There was a bit of a change in tone for Mighty Jukebox, a duo
consisting of Phonetik Symbol (who also produces their beats) and MC
S.Creeezy. Their gig was noticeably lighter in atmosphere than any of
those who had come before, with all kinds of samples being dropped and
generally a much more fun, less serious approach to hiphop. By now, the
dance floor was packed out and the audience was pretty vocal in their
appreciation; they actually managed to get a fairly decent response to
their requests for ‘when I say Fonetik, you say Symbol’  etc. type
carry-on, where the other performers had fallen a little bit flat. They
didn’t take themselves too seriously and their slightly less heavy duty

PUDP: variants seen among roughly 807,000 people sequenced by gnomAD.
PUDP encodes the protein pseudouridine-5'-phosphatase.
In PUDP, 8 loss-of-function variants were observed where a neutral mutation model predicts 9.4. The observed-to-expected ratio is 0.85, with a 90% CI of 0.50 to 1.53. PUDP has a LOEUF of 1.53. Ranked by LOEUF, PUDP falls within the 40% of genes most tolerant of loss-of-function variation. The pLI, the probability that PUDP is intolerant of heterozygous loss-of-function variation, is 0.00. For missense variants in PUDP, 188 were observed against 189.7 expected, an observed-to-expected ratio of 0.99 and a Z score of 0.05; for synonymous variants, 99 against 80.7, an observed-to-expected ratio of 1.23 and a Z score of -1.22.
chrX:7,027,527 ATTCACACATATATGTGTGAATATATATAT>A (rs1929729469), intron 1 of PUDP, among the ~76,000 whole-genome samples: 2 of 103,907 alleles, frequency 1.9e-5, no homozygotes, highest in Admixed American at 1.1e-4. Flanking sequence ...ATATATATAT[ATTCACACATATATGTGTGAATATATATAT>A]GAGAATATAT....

beats were a bit of a relief. There is only so much grinding 8
Mile-style bass line the ears can take. So they were cool and a bit
different, using intellect to influence their rhymes rather than just
pure street.

They were followed by Emmsjé Gauti, who took things back to
their Icelandic roots and managed to maintain the packed out state of
the dance floor, although his performance was a bit generic after the
diversion of Mighty Jukebox. The Airwaves guide said that he was one of
the more anticipated performers of Airwaves 2009, but there didn’t seem
to be anything particularly special about him besides his zany zebra
print pants (couldn’t tell if they were a joke or not!).
He was, however, popular with the crowd and his rapping stood itself
well in terms of flow, even though it mostly revolved around the tried
and tested sex/drugs etc. etc. themes. He was joined on stage by
various friends and collaborators, including Diddi Fel who then